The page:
Voter turnout more than 50 percent in some Charleston County precincts
Early returns in Charleston County showed a voter turnout of more than 50 percent in many precincts in Mount Pleasant, James Island and North Charleston.
Voter participation ranged from a high of 65 percent in Mount Pleasant Precinct 29 and North Charleston Precinct 12 to only 39 percent in Charleston Precinct 17.
In North Charleston, nine precincts had turnouts between 40 percent and 50 percent. Five precincts had turnouts over 50 percent.
Of seven Charleston precincts reporting, four had turnouts of at least 50 percent, two had a turnout of 41 percent and one had 39 percent.
In Mount Pleasant, all but one of six precincts reporting was over 50 percent turnout.
No numbers were available on voter turnout in Berkeley and Dorchester counties as of 10 p.m. tonight.
Long lines that resulted in waits of more two hours were reported in some locations.
John Mack of North Charleston said he waited over an hour at Burns Elementary School on Dorchester Road just to check in with poll workers because they had just one computer on hand to verify voters. Some 200 people were standing out in the cold and rain, he said.
“People were miserable. A lot of people left because it was taking so long to process them,” Mack said.
Mack, a retiree, said he persevered because he wanted to cast his ballot for president.
In North Charleston, Kim Haymaker said she went to Cathedral of Praise, her usual voting place, only to be told she must go to Fort Dorchester High School. Her son, who lives with her in the same house, was allowed to vote at Cathedral of Praise, she said.
“If you live in the same house, you should be able to vote at the same place,” she said.
Penny Gadsen of North Charleston said she waited for two hours to vote at Fort Dorchester High School, the polling place specified on her voter registration card, but was told to go to Cathedral of Praise to cast a ballot.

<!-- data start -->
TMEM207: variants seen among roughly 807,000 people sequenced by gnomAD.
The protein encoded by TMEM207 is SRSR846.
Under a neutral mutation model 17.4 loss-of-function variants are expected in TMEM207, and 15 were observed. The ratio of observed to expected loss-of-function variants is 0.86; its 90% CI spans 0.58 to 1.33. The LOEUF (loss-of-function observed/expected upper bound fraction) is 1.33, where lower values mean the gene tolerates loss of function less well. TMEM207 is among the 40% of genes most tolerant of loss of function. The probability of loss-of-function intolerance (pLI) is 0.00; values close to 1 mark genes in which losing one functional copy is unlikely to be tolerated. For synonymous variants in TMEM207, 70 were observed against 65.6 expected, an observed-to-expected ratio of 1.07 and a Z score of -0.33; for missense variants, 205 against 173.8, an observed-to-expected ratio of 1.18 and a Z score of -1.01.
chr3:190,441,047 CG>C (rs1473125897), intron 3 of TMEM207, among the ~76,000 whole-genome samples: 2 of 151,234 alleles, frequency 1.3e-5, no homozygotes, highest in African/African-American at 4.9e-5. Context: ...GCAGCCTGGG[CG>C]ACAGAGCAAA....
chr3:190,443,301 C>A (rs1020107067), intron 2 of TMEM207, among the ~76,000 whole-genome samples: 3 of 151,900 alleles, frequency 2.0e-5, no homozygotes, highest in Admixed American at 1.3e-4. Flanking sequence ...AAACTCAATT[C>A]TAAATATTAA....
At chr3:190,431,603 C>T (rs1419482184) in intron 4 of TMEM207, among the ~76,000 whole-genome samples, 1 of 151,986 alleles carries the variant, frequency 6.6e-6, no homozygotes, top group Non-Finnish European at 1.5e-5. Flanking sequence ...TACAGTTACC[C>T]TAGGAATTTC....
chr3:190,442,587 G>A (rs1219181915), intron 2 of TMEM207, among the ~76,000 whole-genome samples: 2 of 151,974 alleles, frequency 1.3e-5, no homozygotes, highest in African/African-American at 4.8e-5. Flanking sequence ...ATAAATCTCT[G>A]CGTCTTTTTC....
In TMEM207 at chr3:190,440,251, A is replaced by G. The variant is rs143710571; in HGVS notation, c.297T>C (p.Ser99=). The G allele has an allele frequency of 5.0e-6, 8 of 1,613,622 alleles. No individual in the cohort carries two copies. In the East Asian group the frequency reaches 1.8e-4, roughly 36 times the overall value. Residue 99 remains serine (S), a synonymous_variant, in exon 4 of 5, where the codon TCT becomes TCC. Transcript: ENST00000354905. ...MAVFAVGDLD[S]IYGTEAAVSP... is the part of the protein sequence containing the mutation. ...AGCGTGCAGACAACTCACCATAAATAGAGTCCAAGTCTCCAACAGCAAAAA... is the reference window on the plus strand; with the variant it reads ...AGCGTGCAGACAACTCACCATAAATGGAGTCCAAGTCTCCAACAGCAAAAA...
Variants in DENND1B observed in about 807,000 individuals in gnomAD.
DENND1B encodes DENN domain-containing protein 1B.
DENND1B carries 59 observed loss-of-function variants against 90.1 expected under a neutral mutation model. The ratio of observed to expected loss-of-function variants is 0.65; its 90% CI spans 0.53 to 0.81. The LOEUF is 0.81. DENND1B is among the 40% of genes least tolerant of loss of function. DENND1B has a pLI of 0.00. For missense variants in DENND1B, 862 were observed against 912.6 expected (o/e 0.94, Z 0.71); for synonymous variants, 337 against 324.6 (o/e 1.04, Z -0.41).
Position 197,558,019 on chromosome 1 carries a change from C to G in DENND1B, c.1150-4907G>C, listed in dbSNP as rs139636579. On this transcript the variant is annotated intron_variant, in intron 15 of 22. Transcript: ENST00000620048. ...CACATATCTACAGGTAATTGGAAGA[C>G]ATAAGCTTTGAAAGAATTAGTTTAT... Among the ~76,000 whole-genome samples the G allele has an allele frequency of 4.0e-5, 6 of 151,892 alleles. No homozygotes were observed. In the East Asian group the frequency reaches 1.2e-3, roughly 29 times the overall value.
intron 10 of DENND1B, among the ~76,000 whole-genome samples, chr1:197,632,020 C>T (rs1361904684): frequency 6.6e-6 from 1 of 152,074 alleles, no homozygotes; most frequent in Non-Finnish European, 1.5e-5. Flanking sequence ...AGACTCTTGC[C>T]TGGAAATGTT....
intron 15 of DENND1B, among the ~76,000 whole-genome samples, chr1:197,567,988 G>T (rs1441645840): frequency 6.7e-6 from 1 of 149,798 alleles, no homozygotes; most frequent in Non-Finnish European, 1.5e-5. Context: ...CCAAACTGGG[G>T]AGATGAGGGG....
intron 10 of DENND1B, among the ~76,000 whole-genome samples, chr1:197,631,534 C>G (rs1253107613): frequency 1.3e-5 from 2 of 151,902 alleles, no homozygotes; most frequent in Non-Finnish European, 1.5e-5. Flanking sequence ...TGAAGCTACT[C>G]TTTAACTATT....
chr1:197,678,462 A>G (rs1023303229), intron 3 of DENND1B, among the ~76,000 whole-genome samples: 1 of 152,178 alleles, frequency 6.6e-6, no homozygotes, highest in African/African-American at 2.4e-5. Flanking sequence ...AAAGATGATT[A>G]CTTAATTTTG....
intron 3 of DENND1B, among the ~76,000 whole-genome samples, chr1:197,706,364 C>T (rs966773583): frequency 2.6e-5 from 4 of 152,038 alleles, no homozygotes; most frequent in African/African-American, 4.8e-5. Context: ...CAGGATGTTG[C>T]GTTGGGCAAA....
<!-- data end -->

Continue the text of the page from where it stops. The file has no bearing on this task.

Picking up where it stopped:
In West Ashley, people got wet in the drizzle at W.L. Stephens Aquatic Center because the building was too small to allow them inside. “It’s crazy to have people standing outside in the rain,” said County Democratic Chair Richard Hricik.
Charleston residents voting at Burke High School had to wait because the computers were down at 7 a.m. A trouble-shooting tech got them working by 7:30 a.m. but the line remained long. Mike Jackson, 57, had to wait three hours to vote.
“The inefficiency of polling places is ridiculous,” he said. “I’m planning to contact somebody.”
Mount Pleasant residents stood in the cold rain at 6 a.m. outside the National Guard Armory waiting for the polls to open at 7 a.m.
Brenda Simmons said she moved to Mount Pleasant a few years ago from New York, an area hit hard by Hurricane Sandy just a week before the election. Because of the problems New Yorkers face, Simmons said she would not complain about the cold drizzle she stood in this morning.
One voter said he got to Devon Forest Elementary in Goose Creek at 6:45 a.m. and was still waiting to cast his ballot at 8:15 a.m. Another reported that the lines at Ladson Elementary School were “ridiculously long.”
Read more in upcoming editions of The Post and Courier and at postandcourier.com.